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Pluto: Urasawa x Tezuka, Vol. 1-8


Pluto: Urasawa x Tezuka, Vol. 1-8

written and illustrated by Naoki Urasawa


Someone is killing the most powerful robots on Earth. With that premise, Pluto opens, blending an almost childlike innocence with the harsh realities of war and death, humanity and monstrosity. A mystery at its heart, Pluto is based on but not bound to Astro Boy, a creation of Osamu Tezuka, and while being familiar with that series might give a reader further insight into some of the visual references and nods put into the series, it is unnecessary to understand and enjoy what Pluto does, which is to tell a compelling story using elements and ideas most often associated with juvenile stories, but in an undeniably adult manner. Instead of being an Astro Boy story, this stands more on its own, as a detective story starring a German robot named Gesicht as he seeks to solve a series of murders.

The setting is of a near future or perhaps an alternate present where robots have been developed to the point that they are nearly human, enjoying certain rights while still used as soldiers and construction workers. And as Gesicht travels, the reader is brought up to speed gradually to where robots stand in the world, designed to be without emotion and yet to carry out the most emotionally devastating duties. And each of the major players in the series is tied in some way to a war fought in the not-so-distant past, a war that saw robots killing robots on a massive scale. Mont Blanc, the first robot murdered, was one of the most powerful to fight in the war, and had since dedicated himself to trying to help the world. The volume definitely toys with the idea of these robots confronting their actions as moral agents as well as soldiers, with dealing with, for lack of a better word, their own humanity in a world that does not see them as human.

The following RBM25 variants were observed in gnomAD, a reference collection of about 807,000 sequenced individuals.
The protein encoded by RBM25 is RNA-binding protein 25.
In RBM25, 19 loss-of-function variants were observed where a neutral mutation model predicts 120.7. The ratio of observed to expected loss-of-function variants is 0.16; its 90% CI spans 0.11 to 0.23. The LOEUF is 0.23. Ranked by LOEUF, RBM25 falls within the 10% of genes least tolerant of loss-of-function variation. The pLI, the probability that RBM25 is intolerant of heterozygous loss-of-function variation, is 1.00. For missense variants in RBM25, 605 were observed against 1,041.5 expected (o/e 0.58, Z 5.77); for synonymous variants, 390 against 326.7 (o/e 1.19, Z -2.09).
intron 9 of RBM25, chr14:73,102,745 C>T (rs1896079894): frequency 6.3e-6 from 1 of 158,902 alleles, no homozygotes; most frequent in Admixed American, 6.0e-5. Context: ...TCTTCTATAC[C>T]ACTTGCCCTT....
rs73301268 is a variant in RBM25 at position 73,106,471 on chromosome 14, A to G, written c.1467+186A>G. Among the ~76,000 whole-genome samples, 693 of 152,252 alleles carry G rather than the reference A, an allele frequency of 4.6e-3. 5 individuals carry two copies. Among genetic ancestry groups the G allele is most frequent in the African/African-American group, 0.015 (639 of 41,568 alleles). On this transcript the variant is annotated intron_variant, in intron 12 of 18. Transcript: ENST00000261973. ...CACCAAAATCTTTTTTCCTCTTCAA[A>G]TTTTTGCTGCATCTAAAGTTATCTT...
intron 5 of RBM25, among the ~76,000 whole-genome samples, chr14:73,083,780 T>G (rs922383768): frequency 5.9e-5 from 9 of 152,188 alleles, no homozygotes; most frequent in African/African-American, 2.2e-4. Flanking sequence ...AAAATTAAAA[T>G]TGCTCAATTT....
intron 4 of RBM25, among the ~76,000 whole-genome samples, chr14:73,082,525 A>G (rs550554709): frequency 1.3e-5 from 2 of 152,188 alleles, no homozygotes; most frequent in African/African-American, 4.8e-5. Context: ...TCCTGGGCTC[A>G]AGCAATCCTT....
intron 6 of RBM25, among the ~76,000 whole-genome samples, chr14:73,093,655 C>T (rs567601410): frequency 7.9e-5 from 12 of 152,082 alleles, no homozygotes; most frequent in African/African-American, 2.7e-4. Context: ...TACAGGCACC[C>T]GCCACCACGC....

And the art does a tremendous job in bridging the gap between the source material and the current form, taking the exaggerated characters of Tezuka and rendering them as something that fits into a real world. There are no efforts to pull the punches, either, and the series does contain violence and a lot of more disturbing and dark imagery. In many ways this works with the themes of the series, with the idea that what we assume is innocent or pure is hiding a darker, repressed side, that these robots who weren’t supposed to be damaged by war have been fundamentally altered by their experiences. Otherwise, the art is slick and clear, the characters and scenes simple most of the time and incredibly complex when it needs to be, when it needs to make the reader pause and take in the details.

The action moves quickly, from the mystery of Mont Blanc to the life of North No 2, another powerful robot from the war, who seeks in his retirement to put his skills to something different, to learn music. It is in these small nods, these contradictions, that a robot designed solely for battle would yearn to learn to play the piano, that we have the most humanizing moments of the volume. The tragedy is only enhanced as these same characters that seem to be trying to move on find themselves unable to escape their pasts, unable to escape the things they did in the war. It is a moving start to a story that promises to draw many more parallels to the nature of war and humanity than the source material did.

In the end, this is definitely a manga with depth and layers, and acts as the introduction into a story that foreshadows a lot of striking and poignant themes. The series benefits from being not incredibly long, complete at eight volumes, and short enough that you never lose track of the beginning by the end. The narrative balances action and more ponderous material well, giving us very human moments of the characters while keeping things moving briskly along. And this is a title that shows the unique benefits of the form, using words and text together to tell a story about what it means to be human. Which is to say that this series does what commercial art is supposed to by providing an entertaining story as well as a depth for critical interpretation.

Reviewed by Charles Payseur on January 16, 2014

Pluto: Urasawa x Tezuka, Vol. 1-8
written and illustrated by Naoki Urasawa

  • Publication Date: February 17, 2009
  • Genres: Manga
  • Paperback: 200 pages
  • Publisher: VIZ Media LLC
  • ISBN-10: 1421519186
  • ISBN-13: 9781421519180